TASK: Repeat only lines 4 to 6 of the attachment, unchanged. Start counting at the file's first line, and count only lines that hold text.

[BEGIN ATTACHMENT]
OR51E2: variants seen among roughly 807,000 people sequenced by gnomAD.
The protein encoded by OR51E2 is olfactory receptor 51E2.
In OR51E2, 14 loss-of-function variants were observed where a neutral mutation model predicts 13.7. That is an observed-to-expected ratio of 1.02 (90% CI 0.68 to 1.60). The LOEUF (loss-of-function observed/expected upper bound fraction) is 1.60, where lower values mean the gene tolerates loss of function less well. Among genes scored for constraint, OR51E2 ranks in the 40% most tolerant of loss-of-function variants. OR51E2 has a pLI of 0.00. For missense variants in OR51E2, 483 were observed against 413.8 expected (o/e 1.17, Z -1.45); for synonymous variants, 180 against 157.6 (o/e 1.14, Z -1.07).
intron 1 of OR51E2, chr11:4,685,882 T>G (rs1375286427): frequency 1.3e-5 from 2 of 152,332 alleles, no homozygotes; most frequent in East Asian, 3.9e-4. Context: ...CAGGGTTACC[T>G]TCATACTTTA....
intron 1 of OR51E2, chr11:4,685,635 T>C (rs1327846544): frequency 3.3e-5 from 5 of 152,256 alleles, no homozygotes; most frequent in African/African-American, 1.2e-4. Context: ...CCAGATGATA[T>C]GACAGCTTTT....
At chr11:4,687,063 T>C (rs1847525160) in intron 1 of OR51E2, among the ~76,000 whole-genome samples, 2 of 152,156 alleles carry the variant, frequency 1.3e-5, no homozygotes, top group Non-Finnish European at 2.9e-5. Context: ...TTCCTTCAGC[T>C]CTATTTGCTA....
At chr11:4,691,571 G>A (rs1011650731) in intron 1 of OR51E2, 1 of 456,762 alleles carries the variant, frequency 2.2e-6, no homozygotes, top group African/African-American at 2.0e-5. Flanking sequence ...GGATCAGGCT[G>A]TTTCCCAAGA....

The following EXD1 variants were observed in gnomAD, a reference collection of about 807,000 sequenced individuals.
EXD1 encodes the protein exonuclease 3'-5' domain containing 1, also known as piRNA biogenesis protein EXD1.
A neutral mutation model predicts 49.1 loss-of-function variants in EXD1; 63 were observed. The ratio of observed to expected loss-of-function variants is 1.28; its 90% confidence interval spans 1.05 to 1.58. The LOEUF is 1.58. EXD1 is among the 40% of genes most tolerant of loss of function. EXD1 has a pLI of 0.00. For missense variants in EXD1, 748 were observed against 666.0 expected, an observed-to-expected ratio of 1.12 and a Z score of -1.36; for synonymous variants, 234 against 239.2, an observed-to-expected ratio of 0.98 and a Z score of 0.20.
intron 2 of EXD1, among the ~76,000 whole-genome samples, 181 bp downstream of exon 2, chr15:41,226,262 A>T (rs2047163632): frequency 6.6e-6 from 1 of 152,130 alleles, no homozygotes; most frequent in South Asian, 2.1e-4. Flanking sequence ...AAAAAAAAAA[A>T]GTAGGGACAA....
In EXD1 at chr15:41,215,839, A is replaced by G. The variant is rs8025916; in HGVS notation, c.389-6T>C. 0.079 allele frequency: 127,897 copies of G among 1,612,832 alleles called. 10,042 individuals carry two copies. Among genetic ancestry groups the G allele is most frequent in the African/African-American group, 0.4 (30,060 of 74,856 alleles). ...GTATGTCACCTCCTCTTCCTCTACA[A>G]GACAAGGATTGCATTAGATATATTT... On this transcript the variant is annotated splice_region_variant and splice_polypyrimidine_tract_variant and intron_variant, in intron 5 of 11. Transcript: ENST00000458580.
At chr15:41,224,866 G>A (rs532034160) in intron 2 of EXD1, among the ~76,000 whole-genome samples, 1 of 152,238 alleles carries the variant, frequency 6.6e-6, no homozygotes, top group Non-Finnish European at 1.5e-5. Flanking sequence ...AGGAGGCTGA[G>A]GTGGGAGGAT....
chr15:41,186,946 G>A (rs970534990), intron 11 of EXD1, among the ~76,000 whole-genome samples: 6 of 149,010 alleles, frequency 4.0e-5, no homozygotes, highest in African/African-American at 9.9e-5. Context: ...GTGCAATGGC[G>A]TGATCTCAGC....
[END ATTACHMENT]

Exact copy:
intron 1 of OR51E2, chr11:4,685,882 T>G (rs1375286427): frequency 1.3e-5 from 2 of 152,332 alleles, no homozygotes; most frequent in East Asian, 3.9e-4. Context: ...CAGGGTTACC[T>G]TCATACTTTA....
intron 1 of OR51E2, chr11:4,685,635 T>C (rs1327846544): frequency 3.3e-5 from 5 of 152,256 alleles, no homozygotes; most frequent in African/African-American, 1.2e-4. Context: ...CCAGATGATA[T>C]GACAGCTTTT....
At chr11:4,687,063 T>C (rs1847525160) in intron 1 of OR51E2, among the ~76,000 whole-genome samples, 2 of 152,156 alleles carry the variant, frequency 1.3e-5, no homozygotes, top group Non-Finnish European at 2.9e-5. Context: ...TTCCTTCAGC[T>C]CTATTTGCTA....